local features

Dan Dumas/Kim Swisher Communications

It’s not difficult for Norm Pestka to picture what used to be here.

After all, the land that’s now underwater was dry just a few months ago.

“It’s been fine here for years.  They lost 45 feet in one storm.  The beach was out there, literally,” Pestka said, motioning to a patch of Lake Superior now submerged.

Pestka is standing on private land just outside Ontonagon in Michigan’s Upper Peninsula.  Lake Superior stretches out before him.  It’s mostly open water, save for some ice, snow, and floating ice chunks near the shore.

The Sheriff and the Bank

Jan 29, 2020
Wisconsin Historical Society

In this week’s Northwoods Moment in History, Gary Entz tells the story of William Clawson, once a forest ranger, a county sheriff and finally, a bank robber.

Ben Meyer/WXPR

Charlee Krueger finds her backpack and coat, and her mother Renee scrapes ice from the windshield of their car.  By 7 a.m., they’re ready to go.

Charlee is a second grader at Maple Grove Elementary School in the Merrill Area Public School District.

She’s one of just 80 students enrolled in the far-flung school about 15 miles from the city.  She could be one of the final 80 to attend school there, as Merrill contemplates closing it before next year.

White Lake Ice Fishing

Jan 24, 2020
Image by Jim Skibo

A winter ritual in the northwoods is ice fishing. This time of year, anglers take to the lakes for pan fish, northern pike, and the prized walleye pike. Jim Skibo met up with some hardy anglers on White Lake to learn more about this cold weather sport.

Ben Meyer/WXPR

The waters of the Biron Flowage are no more than ten feet from the porch of Mike Spranger’s second home.

“This is the reason we bought it,” he said.  “The water is right there.”

The 1,500-square-foot house is just ten minutes from Spranger’s main residence in Wisconsin Rapids.  He and his wife bought it in 2015, mainly as a refuge for their four grandchildren, who took to the water 

immediately.

Gypsies in the Northwoods

Jan 22, 2020

In this week’s Northwoods Moment in History, Gary Entz talks about who the Romani people are and tells of their history in the Northwoods.

Few people have the knowledge, tackle, and proper boat to fish the vast and often unpredictable waters of Lake Superior. For 56 years however, one Bessemer, Michigan resident has found his calling running a fishing charter out of Black River harbor, not only providing his customers with an experience of a lifetime, but also creating lifelong friendships off the shores of the largest freshwater lake in the world.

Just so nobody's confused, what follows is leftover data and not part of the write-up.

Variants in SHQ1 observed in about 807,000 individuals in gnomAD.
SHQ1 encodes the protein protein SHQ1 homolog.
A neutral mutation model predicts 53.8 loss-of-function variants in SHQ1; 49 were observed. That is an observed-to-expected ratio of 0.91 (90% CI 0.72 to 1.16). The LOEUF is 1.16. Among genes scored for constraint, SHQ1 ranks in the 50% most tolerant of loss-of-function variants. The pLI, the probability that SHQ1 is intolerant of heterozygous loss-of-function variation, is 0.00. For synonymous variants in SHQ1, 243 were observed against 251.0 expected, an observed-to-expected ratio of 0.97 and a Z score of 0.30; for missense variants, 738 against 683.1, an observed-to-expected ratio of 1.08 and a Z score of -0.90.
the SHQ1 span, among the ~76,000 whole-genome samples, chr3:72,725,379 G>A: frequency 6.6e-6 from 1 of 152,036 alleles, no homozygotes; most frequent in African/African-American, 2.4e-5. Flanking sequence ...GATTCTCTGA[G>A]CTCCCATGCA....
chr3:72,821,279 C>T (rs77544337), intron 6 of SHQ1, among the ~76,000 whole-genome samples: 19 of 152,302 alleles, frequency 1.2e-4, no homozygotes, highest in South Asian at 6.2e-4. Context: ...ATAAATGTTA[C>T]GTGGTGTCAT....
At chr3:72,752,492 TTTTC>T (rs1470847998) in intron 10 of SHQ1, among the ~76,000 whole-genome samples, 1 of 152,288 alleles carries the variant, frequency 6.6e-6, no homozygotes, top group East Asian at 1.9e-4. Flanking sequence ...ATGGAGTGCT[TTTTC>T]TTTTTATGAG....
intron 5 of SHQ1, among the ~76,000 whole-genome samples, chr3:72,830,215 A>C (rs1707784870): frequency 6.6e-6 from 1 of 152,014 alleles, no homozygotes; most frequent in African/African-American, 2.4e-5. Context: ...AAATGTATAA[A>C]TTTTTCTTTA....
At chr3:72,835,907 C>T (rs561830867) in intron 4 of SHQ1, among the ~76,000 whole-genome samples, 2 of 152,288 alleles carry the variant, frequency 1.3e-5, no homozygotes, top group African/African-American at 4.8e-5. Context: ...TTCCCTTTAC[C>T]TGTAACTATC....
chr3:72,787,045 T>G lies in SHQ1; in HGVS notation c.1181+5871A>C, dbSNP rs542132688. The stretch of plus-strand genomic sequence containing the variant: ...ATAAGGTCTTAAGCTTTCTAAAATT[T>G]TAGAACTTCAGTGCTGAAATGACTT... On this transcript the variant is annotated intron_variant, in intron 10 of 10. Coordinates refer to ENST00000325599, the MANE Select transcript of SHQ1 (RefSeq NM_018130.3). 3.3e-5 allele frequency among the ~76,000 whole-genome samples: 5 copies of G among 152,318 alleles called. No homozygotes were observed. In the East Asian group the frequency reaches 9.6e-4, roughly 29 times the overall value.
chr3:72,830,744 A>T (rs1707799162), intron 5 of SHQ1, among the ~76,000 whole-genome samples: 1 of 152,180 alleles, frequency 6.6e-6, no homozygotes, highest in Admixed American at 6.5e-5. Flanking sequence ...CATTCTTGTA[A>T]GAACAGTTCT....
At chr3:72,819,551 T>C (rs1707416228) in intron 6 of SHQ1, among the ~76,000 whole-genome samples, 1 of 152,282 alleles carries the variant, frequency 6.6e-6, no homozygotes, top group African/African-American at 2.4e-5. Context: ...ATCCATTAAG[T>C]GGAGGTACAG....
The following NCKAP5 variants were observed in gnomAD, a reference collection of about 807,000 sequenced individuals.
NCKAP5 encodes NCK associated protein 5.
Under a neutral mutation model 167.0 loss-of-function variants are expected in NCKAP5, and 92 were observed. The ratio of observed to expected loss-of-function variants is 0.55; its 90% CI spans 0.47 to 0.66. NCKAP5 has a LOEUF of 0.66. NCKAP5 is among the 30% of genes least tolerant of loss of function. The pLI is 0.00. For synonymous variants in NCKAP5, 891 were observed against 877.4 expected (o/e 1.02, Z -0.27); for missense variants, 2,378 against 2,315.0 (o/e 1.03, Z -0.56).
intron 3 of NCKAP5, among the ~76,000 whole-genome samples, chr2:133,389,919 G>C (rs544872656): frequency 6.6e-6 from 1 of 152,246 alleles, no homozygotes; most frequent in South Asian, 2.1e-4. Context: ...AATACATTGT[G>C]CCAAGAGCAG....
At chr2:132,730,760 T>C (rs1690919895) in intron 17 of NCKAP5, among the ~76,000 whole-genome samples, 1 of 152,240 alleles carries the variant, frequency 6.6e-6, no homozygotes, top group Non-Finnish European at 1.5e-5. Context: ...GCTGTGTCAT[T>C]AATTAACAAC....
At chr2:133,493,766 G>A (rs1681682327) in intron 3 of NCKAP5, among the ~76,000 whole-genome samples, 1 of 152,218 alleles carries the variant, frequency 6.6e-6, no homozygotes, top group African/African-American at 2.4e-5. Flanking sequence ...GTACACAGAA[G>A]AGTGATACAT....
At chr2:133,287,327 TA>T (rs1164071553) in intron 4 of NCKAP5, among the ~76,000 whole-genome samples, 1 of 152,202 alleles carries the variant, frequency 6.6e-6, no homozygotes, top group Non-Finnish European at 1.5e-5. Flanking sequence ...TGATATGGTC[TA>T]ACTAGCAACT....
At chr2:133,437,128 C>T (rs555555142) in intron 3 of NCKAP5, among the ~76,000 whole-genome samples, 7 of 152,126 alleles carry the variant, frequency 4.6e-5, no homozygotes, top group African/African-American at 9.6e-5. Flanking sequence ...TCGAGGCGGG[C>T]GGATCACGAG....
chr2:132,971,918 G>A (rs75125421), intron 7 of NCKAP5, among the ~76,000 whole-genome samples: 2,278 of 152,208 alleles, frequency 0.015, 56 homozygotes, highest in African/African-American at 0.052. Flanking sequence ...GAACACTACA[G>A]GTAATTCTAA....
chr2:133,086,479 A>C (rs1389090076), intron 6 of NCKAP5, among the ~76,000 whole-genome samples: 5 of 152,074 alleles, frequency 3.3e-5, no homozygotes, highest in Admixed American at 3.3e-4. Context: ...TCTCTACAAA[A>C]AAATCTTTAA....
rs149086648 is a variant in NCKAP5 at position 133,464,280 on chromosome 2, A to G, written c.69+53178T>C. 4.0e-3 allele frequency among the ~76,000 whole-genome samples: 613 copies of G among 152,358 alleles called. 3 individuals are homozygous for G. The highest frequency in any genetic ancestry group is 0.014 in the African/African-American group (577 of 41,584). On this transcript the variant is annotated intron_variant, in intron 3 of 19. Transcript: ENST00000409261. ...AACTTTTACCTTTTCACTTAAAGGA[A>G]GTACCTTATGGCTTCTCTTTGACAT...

Ben Meyer/WXPR

An amphibious vehicle called an Argo has eight wheels, two treads, floats on water, and can go just about anywhere.

Has Noah Lottig found a place it can’t access?

“Not yet.  We’ve tried.  We have not found a place where this will not go yet,” said Lottig, an assistant scientist at the UW-Madison Trout Lake Station in Boulder Junction.

A fifteen-minute ride on the Argo allows Lottig and two graduate students to access an undeveloped, frozen bog near Sparkling Lake in Vilas County.  Lottig has been here plenty with the Argo, hooking a snowplow to its front.

Wisconsin Historical Society

How many stories about cows in Wisconsin history can you think of? In this weeks Northwoods Moment in History, Gary Entz reveals that the most memorable stories regarding cows, are usually dramatic ones.

If you are a winter enthusiast, we are off to a great start this year. Snowshoers, skiers, and snowmobilers have had excellent snow conditions. To add to the great snow conditions, we have enjoyed relatively mild temperatures. So how does snow form and what are the different types of snow?

image by gamagapix on pixabay.com

Snow and trees are plentiful in the Northwoods this time of year, which made the Masked Biologist select a Curious North question to answer as part of this week’s Wildlife Matters.

Ben Meyer/WXPR

For Northwoods artists Mary Burns and Debbie Jircik, creating art is sometimes more than putting paint on canvas or throwing clay to be fired.

Instead, it’s pulling on waterproof boots, slogging into Northwoods bogs, and collecting large pails of water.

“We didn’t see anyone doing any of this kind of work, where they were actually going out in the field, collecting water from bogs and lakes, and comparing how…that affects those dyes,” Burns said.

Burns is from Mercer, and Jircik is from Eagle River.

Library of Congress

Native Americans have been making maple syrup and maple sugar in the Northwoods for a long time now.  The methods have changed a little over the millennia, but the process is largely recognizable. 

image by publicdomainpicutres on pixabay.com

Have you had an increase in trouble with squirrels chewing on your holiday lights? The Masked Biologist has, as he shares in this week’s Wildlife Matters.

Ben Meyer/WXPR

Harry Resch still remembers every play of basketball games from more than 40 years ago.

Resch was Crandon’s boys basketball coach for 15 years in the 1960s, 1970s, and 1980s.  He can still tell you how one of his guards drove into the lane, what kind of defense an opponent played, or his team’s scoring average for a given year.

He remembers packed gyms and conference championships, having won five in a seven-year stretch.

Resch’s teams were high-pressure and hot-shooting, averaging 88 points per game during one title season.

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